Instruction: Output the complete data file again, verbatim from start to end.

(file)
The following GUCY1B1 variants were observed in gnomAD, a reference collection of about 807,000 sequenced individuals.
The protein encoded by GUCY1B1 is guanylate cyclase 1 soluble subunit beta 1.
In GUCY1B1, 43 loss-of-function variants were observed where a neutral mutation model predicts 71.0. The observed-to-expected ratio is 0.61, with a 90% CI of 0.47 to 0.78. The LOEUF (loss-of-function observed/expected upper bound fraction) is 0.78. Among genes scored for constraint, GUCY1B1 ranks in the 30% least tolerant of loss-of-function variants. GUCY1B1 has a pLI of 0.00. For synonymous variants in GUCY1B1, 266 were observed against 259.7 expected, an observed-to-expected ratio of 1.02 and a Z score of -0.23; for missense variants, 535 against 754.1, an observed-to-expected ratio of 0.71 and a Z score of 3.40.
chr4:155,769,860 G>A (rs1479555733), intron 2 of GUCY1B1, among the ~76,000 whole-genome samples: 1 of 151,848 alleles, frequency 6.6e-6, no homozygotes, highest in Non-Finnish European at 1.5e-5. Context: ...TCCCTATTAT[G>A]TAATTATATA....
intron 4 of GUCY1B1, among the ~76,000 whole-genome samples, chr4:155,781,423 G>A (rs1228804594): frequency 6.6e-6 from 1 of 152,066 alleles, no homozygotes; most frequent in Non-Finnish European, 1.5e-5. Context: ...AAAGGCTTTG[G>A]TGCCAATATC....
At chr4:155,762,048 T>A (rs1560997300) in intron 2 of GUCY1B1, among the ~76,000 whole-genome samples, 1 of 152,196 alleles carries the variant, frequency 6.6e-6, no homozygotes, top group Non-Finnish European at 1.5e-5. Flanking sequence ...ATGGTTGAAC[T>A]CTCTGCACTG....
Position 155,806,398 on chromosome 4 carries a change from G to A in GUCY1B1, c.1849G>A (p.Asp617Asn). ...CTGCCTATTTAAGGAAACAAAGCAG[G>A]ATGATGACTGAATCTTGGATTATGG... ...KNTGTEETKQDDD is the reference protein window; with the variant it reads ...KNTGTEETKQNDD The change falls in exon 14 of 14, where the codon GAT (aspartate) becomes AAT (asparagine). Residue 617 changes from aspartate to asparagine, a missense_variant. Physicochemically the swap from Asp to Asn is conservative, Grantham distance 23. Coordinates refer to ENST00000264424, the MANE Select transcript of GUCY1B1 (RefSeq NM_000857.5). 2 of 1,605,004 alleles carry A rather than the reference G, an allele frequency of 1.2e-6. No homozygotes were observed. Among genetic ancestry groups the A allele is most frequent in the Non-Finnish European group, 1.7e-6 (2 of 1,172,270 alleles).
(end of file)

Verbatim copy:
The following GUCY1B1 variants were observed in gnomAD, a reference collection of about 807,000 sequenced individuals.
The protein encoded by GUCY1B1 is guanylate cyclase 1 soluble subunit beta 1.
In GUCY1B1, 43 loss-of-function variants were observed where a neutral mutation model predicts 71.0. The observed-to-expected ratio is 0.61, with a 90% CI of 0.47 to 0.78. The LOEUF (loss-of-function observed/expected upper bound fraction) is 0.78. Among genes scored for constraint, GUCY1B1 ranks in the 30% least tolerant of loss-of-function variants. GUCY1B1 has a pLI of 0.00. For synonymous variants in GUCY1B1, 266 were observed against 259.7 expected, an observed-to-expected ratio of 1.02 and a Z score of -0.23; for missense variants, 535 against 754.1, an observed-to-expected ratio of 0.71 and a Z score of 3.40.
chr4:155,769,860 G>A (rs1479555733), intron 2 of GUCY1B1, among the ~76,000 whole-genome samples: 1 of 151,848 alleles, frequency 6.6e-6, no homozygotes, highest in Non-Finnish European at 1.5e-5. Context: ...TCCCTATTAT[G>A]TAATTATATA....
intron 4 of GUCY1B1, among the ~76,000 whole-genome samples, chr4:155,781,423 G>A (rs1228804594): frequency 6.6e-6 from 1 of 152,066 alleles, no homozygotes; most frequent in Non-Finnish European, 1.5e-5. Context: ...AAAGGCTTTG[G>A]TGCCAATATC....
At chr4:155,762,048 T>A (rs1560997300) in intron 2 of GUCY1B1, among the ~76,000 whole-genome samples, 1 of 152,196 alleles carries the variant, frequency 6.6e-6, no homozygotes, top group Non-Finnish European at 1.5e-5. Flanking sequence ...ATGGTTGAAC[T>A]CTCTGCACTG....
Position 155,806,398 on chromosome 4 carries a change from G to A in GUCY1B1, c.1849G>A (p.Asp617Asn). ...CTGCCTATTTAAGGAAACAAAGCAG[G>A]ATGATGACTGAATCTTGGATTATGG... ...KNTGTEETKQDDD is the reference protein window; with the variant it reads ...KNTGTEETKQNDD The change falls in exon 14 of 14, where the codon GAT (aspartate) becomes AAT (asparagine). Residue 617 changes from aspartate to asparagine, a missense_variant. Physicochemically the swap from Asp to Asn is conservative, Grantham distance 23. Coordinates refer to ENST00000264424, the MANE Select transcript of GUCY1B1 (RefSeq NM_000857.5). 2 of 1,605,004 alleles carry A rather than the reference G, an allele frequency of 1.2e-6. No homozygotes were observed. Among genetic ancestry groups the A allele is most frequent in the Non-Finnish European group, 1.7e-6 (2 of 1,172,270 alleles).